Kudos to Holy Nativity and Urban Farming for this initiative and we hope the idea spreads to other churches, synagogues an mosques across the land–I wish I could attend the opening, but I’ll be assisting with the Bike Coalition’s annual River Ride fundraiser (not to late to sign up for that LA cyclists!). To those who can make it to Holy Nativity, the festivities run from 2 t0 5 p.m. this Sunday June 8th. Holy Nativity is located at:

6700 W 83rd St
Los Angeles, CA 90045
(310) 670-4777

I had wanted to make a clever biblical reference at the beginning of this post and suggest that now, in 2008, Jesus would rip up the lawn, with the same fervor that he chased away the inappropriate money changers who did business in the temple. Dusting off the bible, however, I discovered that Jesus also shooed off some livestock during that episode. But with our increasing food troubles, I’d like to think that today, in addition to the vegetables, Jesus would welcome livestock back to the church grounds (cathedrals were used in the Middle Ages as barns, after all).

For more info and photos, see Holy Nativity’s Community Garden page.

Rainwater Harvesting with Joe Linton

With the driest spring on record here in Los Angeles, water and where to get it ought to be on all of our minds in this drought prone metropolis. Thankfully, artist, author, Los Angeles River expert and co-founder of the Los Angeles County Bicycle Coalition Joe Linton will be teaching a workshop on rainwater harvesting at the Los Angeles Eco-Village on Saturday, June 14, 2008 from 9 am to 3 pm at L.A. Eco-Village (Directions)

Here’s a description of the workshop from the Eco-Village’s website.

This workshop is part of a continuing series in “hands-on” urban permaculture and includes:

  • An overview presentation on Los Angeles water issues, including local multi-benefit watershed management efforts.
  • A tour of Los Angeles Eco-Village stormwater harvesting landscape features, including the Bimini Slough Nature Park.
  • A hands-on workshop to build terraced swales to detain and infiltrate storm water
  • This workshop focuses on building earthworks that gather and infiltrate rainwater in the landscape. It does not cover rainwater harvesting with cisterns, which we anticipate will be the subject of a future hands-on permaculture workshop, hopefully in early fall 2008. Watch for details.

Fee: $35 (sliding scale available) – bring a bag lunch.
Registration required: 213/738-1254 or [email protected] (workshop size limited)

About Joe Linton
Joe is an artist and urban environmental activist. He’s been involved for many years in efforts to restore and revitalize the Los Angeles River, including writing and illustrating the guide book Down By The Los Angeles River (Wilderness Press 2005). Joe is a long-time resident member of Los Angeles Eco-Village and a co-founder of the LA County Bicycle Coalition.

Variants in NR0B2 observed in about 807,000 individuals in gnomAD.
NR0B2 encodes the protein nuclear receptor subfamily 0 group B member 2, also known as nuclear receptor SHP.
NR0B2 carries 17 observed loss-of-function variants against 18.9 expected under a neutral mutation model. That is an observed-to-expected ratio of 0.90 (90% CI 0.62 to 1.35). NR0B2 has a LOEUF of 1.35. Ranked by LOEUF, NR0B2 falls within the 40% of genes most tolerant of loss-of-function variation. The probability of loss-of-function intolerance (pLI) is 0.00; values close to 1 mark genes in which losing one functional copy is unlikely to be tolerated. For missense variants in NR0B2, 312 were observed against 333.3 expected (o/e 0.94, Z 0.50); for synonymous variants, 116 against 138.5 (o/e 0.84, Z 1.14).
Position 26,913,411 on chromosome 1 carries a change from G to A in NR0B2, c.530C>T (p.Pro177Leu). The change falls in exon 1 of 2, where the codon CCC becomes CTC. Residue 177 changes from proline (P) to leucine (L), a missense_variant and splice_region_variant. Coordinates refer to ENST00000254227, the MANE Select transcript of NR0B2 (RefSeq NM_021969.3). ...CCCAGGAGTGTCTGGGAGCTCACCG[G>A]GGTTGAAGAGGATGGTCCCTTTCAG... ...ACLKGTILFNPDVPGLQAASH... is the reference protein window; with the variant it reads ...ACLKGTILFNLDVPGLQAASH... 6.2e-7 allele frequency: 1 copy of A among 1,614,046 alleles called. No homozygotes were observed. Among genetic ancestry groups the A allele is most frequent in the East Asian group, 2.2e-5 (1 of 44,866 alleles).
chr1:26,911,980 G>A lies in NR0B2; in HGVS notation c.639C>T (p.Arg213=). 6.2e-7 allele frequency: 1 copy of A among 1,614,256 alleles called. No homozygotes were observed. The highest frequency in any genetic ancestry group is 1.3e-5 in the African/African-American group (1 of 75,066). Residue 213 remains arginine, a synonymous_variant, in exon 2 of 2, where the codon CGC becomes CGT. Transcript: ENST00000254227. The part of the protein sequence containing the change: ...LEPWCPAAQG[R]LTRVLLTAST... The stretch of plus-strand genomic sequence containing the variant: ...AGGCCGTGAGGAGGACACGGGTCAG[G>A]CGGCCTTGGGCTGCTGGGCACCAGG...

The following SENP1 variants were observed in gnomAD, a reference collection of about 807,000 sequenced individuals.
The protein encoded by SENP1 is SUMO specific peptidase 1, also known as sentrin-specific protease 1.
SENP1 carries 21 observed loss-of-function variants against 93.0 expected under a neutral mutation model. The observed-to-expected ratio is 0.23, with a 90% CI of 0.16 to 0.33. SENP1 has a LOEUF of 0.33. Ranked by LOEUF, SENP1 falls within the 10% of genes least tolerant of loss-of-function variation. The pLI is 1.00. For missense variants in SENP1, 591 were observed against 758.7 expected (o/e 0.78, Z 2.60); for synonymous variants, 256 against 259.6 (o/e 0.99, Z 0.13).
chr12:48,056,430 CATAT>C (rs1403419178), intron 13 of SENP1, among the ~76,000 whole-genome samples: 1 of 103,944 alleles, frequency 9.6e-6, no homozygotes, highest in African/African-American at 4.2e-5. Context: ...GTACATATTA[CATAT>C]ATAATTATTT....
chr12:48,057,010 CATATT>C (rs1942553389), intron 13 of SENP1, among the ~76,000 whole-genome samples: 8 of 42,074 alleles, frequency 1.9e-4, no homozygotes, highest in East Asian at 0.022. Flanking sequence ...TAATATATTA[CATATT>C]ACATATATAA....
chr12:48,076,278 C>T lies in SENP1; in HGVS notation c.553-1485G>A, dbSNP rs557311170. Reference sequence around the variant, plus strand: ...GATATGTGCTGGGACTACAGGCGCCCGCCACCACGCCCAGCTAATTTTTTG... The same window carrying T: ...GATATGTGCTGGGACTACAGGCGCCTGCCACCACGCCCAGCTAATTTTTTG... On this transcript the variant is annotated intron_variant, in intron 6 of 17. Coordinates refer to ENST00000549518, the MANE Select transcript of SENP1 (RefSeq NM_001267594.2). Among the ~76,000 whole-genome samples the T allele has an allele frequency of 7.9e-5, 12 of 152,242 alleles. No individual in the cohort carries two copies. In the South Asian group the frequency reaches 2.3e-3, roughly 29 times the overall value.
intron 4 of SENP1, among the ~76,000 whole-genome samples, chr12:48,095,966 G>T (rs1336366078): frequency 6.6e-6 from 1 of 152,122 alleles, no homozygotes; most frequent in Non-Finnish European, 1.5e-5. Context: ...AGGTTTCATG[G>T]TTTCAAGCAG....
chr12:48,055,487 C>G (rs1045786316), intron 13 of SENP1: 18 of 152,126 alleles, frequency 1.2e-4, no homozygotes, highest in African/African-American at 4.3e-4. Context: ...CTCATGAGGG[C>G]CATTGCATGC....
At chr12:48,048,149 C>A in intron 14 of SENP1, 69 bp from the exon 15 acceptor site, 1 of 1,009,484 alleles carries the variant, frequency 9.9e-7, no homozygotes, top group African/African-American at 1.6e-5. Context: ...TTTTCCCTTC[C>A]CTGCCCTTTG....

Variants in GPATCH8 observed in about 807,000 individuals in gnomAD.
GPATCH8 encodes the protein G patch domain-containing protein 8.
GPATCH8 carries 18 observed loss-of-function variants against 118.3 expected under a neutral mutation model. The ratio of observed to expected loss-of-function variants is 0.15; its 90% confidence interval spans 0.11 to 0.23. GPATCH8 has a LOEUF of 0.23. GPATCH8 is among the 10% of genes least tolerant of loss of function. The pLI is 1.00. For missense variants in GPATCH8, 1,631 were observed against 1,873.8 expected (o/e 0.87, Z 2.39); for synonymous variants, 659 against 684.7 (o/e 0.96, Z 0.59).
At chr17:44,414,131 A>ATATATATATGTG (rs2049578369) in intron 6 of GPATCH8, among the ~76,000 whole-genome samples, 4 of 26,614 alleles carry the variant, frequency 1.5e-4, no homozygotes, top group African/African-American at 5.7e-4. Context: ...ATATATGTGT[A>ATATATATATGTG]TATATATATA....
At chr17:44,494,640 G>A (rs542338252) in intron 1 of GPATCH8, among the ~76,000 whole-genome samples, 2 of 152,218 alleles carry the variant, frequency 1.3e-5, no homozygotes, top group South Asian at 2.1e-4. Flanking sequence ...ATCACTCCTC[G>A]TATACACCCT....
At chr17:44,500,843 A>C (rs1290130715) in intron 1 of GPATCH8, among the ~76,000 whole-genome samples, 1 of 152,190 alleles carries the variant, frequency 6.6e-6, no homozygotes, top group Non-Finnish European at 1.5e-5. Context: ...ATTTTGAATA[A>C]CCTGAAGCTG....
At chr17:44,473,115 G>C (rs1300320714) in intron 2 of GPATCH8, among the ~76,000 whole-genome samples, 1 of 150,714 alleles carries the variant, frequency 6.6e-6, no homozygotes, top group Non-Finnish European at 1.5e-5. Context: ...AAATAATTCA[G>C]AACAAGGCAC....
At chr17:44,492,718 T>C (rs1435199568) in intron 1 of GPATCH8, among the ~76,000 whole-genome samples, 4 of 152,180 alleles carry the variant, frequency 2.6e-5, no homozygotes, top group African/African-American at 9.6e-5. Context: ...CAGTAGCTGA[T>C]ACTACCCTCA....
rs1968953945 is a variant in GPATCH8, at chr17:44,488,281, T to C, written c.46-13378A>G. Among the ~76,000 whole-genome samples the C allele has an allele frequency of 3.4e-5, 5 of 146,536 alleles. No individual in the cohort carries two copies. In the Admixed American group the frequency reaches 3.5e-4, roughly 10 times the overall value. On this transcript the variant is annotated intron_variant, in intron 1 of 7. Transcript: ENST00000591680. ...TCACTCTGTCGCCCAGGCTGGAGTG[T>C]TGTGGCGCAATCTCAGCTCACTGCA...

Garlic!

Our parkway guerrilla garden, profiled in last week’s Los Angeles Times article, which is now linked on BoingBoing, yielded up an impressive garlic harvest this season.

Garlic is one of the easiest crops for us to grow here in Southern California. You just take the large, outer ring of cloves from store-bought garlic and stick them in the ground with the pointed side up interspersed throughout your other plantings–wherever you have some room. We plant them around Thanksgiving and harvest in late May/early June when the stalks begin to turn brown and fall over. After you harvest your garlic, don’t wash it just knock the dirt off, then let it “cure” with the stalks and roots intact in a dry place inside until the stalks are entirely brown. Premature cutting of stalks or roots can lead to rot. After your garlic is dry then you can trim it to just the bulbs and store it somewhere cool and dark (not the fridge!). We’re going to put ours in a double brown bag in our strange subterranean garage–a cellar or basement would also work.

With our mild winters and warm summers, California is the ideal place to grow garlic, but there are special varieties for cold climates that you can mail order. The University of Minnesota Extension has a nice page on growing garlic in cold places.

An Apology

Sometimes, in a lame attempt at humor, I paint groups of people with an overly broad brush. I owe a dear friend an apology for a May 23rd post “Mistakes we have made”. My friend is a real estate agent and, quite rightly, she took offense at my insulting comments about her profession, pointing out that it was simply not fair of me to cast dispersions on all for the sins of a few. Looking back at this post I can see her point–it was inflammatory and juvenile.

To the list of “Mistakes we have made” I can now add a lapse of journalistic ethics. Please accept my apologies.

I’ve re-edited the original post to better represent our experience, minus the hurtful rhetoric.